It is not known exactly what causes this process to begin, although people with Alzheimer’s disease have been found to have abnormal amounts of protein (amyloid plaques), fibres (tau tangles) and a chemical called acetylcholine in the brain.
These reduce the effectiveness of healthy neurons (nerve cells that carry messages to and from the brain), gradually destroying them.
Over time, this damage spreads to several areas of the brain, such as the grey matter (responsible for processing thoughts) and the hippocampus (responsible for memory).
Although it is still unknown what triggers Alzheimer’s disease, several factors are known to increase your risk of developing the condition.
Age is the single most significant factor in the development of Alzheimer’s disease. The likelihood of developing the condition doubles every five years after you reach 65 years of age.
However, it is not just older people who are at risk of developing Alzheimer’s disease. Around 1 in 20 people with the condition are under 65. This is called early-onset Alzheimer’s disease and it can affect people from around 40 years of age.
The genes you inherit from your parents can contribute to your risk of developing Alzheimer’s disease, although the actual increase in risk is small if you have a close family member with the condition.
However, in a few families, Alzheimer’s disease is caused by the inheritance of a single gene, and the risks of the condition being passed on are much higher.
If several of your family members have developed dementia over the generations, it may be appropriate to seek genetic counselling for information and advice about your chances of developing Alzheimer’s disease when you are older.
The Alzheimer’s Society website has more information about genetics and dementia.
People with Down’s syndrome are at a higher risk of developing Alzheimer’s disease.
This is because the genetic fault that causes Down’s syndrome can also cause amyloid plaques to build up in the brain over time, which can lead to Alzheimer’s disease in some people.
Whiplash and head injuries
People who have had a severe head injury or severe whiplash (a neck injury caused by a sudden movement of the head) have been found to be at higher risk of developing Alzheimer’s disease.
Research shows that several lifestyle factors and conditions associated with cardiovascular disease can increase the risk of Alzheimer’s disease.
- high blood pressure
- high cholesterol
You can help reduce your risk by stopping smoking if you smoke, eating a healthy, balanced diet, and having regular health checks as you get older. It is also important to keep as active as possible, both mentally and physically, to help reduce the risk of Alzheimer’s disease.
While scientists know Alzheimer’s disease involves progressive brain cell failure, the reason cells fail isn’t clear. Like other chronic conditions, experts believe that Alzheimer’s develops as a complex result of multiple factors rather than any one overriding cause.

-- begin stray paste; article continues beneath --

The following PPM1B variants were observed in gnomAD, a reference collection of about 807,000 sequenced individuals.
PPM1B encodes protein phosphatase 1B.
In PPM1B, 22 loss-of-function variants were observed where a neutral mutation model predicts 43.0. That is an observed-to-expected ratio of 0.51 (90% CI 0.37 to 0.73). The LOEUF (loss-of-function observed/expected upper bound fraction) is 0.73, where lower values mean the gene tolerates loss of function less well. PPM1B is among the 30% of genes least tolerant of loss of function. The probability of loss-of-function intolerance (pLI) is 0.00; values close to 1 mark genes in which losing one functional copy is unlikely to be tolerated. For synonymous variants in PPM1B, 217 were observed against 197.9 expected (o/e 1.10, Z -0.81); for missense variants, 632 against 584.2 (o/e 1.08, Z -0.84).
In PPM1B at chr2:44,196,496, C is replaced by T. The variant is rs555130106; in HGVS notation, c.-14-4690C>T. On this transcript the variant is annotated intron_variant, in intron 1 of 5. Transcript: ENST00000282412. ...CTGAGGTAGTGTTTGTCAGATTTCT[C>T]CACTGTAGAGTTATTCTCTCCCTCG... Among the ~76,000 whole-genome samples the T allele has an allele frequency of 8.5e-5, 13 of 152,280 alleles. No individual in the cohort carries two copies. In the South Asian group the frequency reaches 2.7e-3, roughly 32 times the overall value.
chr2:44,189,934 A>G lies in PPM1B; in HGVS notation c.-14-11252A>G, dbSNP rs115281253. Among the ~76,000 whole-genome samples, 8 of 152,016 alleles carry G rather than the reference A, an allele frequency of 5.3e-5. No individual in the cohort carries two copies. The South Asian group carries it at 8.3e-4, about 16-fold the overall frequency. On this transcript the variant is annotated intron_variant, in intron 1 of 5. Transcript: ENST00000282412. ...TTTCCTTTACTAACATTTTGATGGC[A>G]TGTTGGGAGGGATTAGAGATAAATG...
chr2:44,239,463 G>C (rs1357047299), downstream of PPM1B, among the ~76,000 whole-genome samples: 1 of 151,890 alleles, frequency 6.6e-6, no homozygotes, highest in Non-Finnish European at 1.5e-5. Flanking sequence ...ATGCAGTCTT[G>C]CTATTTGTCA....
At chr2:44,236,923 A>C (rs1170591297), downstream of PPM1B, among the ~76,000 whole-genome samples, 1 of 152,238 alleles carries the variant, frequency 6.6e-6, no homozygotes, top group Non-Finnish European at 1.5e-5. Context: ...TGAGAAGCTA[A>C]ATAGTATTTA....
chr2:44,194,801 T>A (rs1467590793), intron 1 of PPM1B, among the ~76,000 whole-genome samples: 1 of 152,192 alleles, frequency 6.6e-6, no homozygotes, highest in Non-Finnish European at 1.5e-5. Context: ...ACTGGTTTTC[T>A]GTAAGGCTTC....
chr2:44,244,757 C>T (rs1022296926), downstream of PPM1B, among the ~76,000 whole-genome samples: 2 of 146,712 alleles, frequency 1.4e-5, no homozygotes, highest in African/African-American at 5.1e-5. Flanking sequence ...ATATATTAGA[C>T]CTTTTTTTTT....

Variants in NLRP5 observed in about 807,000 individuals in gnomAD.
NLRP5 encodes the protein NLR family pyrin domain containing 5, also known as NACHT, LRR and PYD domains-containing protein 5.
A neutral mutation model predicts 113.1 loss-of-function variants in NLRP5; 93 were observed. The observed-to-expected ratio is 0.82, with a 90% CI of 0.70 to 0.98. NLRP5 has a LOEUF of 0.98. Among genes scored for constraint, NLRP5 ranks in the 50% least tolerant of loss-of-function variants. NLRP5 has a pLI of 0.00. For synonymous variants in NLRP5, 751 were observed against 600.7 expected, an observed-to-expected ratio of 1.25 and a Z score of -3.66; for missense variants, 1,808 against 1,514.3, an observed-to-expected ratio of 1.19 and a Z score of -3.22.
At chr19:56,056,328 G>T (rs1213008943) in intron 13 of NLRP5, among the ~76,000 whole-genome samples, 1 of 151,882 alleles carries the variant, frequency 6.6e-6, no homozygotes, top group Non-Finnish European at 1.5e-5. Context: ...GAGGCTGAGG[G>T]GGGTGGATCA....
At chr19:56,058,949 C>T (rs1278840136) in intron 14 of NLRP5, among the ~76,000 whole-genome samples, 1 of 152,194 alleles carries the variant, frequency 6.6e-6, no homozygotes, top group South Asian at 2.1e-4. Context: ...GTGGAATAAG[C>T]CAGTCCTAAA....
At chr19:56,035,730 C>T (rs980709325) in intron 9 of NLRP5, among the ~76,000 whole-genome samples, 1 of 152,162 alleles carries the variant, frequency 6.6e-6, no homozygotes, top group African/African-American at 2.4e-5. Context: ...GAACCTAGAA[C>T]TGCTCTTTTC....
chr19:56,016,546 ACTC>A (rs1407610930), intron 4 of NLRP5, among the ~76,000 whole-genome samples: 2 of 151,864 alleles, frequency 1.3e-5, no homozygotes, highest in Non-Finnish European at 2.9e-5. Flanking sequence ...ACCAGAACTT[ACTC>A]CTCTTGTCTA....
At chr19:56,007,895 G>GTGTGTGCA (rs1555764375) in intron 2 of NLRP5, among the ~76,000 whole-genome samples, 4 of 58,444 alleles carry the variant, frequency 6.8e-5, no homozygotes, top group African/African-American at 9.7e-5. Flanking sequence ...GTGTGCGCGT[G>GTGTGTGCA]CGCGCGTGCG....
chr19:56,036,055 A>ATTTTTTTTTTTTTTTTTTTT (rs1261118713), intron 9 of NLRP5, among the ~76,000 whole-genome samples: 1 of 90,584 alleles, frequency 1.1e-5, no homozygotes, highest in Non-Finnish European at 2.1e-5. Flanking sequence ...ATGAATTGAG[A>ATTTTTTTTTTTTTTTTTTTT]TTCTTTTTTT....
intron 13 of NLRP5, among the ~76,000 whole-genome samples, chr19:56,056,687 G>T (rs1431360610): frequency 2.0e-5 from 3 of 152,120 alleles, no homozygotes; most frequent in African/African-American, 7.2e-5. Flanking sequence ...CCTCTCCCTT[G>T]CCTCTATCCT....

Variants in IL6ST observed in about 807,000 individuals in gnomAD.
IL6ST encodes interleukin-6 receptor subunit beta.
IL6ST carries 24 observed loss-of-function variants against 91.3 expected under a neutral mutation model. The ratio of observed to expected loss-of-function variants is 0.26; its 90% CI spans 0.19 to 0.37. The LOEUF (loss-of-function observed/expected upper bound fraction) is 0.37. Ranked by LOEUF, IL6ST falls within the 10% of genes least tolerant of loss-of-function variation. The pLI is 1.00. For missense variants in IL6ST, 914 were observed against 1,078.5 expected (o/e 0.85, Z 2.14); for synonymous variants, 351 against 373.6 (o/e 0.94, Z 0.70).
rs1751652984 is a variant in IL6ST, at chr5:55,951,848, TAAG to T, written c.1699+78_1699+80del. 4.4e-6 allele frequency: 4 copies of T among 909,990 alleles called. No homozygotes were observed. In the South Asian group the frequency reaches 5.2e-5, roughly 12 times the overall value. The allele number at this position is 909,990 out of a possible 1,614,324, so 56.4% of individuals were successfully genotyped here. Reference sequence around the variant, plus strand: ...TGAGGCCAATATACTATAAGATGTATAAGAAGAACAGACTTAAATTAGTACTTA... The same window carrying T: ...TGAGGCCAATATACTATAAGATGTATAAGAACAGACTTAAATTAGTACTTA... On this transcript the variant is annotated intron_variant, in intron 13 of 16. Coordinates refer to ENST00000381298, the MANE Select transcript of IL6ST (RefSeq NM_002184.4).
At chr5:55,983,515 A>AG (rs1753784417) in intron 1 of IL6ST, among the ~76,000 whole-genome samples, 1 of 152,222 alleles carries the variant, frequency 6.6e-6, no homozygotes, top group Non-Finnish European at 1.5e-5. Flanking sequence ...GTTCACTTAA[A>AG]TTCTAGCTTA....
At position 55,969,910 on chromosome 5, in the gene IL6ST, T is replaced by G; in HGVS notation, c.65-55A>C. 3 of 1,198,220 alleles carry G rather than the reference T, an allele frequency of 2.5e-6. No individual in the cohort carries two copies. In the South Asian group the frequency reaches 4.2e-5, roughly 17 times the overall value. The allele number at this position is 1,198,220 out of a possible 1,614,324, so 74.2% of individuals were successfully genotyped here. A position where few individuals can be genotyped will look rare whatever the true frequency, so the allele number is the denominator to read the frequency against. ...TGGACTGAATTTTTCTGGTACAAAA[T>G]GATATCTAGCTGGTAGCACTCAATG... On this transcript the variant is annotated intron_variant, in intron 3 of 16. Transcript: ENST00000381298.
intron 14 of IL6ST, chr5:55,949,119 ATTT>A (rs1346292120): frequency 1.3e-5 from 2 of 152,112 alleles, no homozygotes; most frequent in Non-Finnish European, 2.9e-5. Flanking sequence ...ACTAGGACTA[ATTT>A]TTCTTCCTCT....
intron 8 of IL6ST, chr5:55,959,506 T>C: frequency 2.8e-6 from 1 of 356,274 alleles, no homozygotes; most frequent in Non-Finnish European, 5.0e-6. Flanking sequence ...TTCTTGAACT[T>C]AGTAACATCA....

Both age and genetics have been identified as risk factors, but many questions still remain. The discovery of additional risk factors will deepen our understanding of why Alzheimer’s develops in some people and not others.
- Age and Alzheimer’s
- Family history and Alzheimer’s
- Genetics and Alzheimer’s
- Related information
- Age and Alzheimer’s
Although Alzheimer’s is not a normal part of growing older, the greatest risk factor for the disease is increasing age. After age 65, the risk of Alzheimer’s doubles every five years. After age 85, the risk reaches nearly 50 percent.
Family history and Alzheimer’s
Another Alzheimer’s risk factor is family history. Research has shown that those who have a parent, brother, sister or child with Alzheimer’s are more likely to develop the disease. The risk increases if more than one family member has the illness. When diseases tend to run in families, either heredity (genetics) or environmental factors or both may play a role.
Genetics and Alzheimer’s
There are two categories of genes that influence whether a person develops a disease: (1) risk genes and (2) deterministic genes. Researchers have identified Alzheimer’s genes in both categories.
Genetics in Alzheimer’s (approx 14 min.)
Risk genes increase the likelihood of developing a disease, but do not guarantee it will happen. Researchers have found several genes that increase the risk of Alzheimer’s. APOE-e4 is the first risk gene identified, and remains the gene with strongest impact on risk. APOE-e4 is one of three common forms of the APOE gene; the others are APOE-e2 and APOE-e3.
Everyone inherits a copy of some form of APOE from each parent. Those who inherit one copy of APOE-e4 have an increased risk of developing Alzheimer’s. Those who inherit two copies have an even higher risk, but not a certainty.
In addition to raising risk, APOE-e4 may tend to make symptoms appear at a younger age than usual. Scientists estimate that APOE-e4 is implicated in about 20 percent to 25 percent of Alzheimer’s cases.